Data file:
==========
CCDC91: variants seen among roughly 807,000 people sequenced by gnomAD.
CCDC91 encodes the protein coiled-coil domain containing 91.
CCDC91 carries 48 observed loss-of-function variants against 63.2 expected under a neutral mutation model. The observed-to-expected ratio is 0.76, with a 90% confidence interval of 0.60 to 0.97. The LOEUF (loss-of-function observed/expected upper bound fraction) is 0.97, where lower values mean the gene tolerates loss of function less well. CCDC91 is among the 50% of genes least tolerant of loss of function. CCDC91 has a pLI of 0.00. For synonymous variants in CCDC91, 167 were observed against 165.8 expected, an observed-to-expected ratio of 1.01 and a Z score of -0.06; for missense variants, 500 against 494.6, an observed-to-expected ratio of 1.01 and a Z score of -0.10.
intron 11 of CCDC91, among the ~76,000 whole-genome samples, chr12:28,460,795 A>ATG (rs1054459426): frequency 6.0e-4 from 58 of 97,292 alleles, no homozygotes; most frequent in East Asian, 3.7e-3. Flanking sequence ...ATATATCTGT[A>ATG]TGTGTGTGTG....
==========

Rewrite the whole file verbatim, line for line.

CCDC91: variants seen among roughly 807,000 people sequenced by gnomAD.
CCDC91 encodes the protein coiled-coil domain containing 91.
CCDC91 carries 48 observed loss-of-function variants against 63.2 expected under a neutral mutation model. The observed-to-expected ratio is 0.76, with a 90% confidence interval of 0.60 to 0.97. The LOEUF (loss-of-function observed/expected upper bound fraction) is 0.97, where lower values mean the gene tolerates loss of function less well. CCDC91 is among the 50% of genes least tolerant of loss of function. CCDC91 has a pLI of 0.00. For synonymous variants in CCDC91, 167 were observed against 165.8 expected, an observed-to-expected ratio of 1.01 and a Z score of -0.06; for missense variants, 500 against 494.6, an observed-to-expected ratio of 1.01 and a Z score of -0.10.
intron 11 of CCDC91, among the ~76,000 whole-genome samples, chr12:28,460,795 A>ATG (rs1054459426): frequency 6.0e-4 from 58 of 97,292 alleles, no homozygotes; most frequent in East Asian, 3.7e-3. Flanking sequence ...ATATATCTGT[A>ATG]TGTGTGTGTG....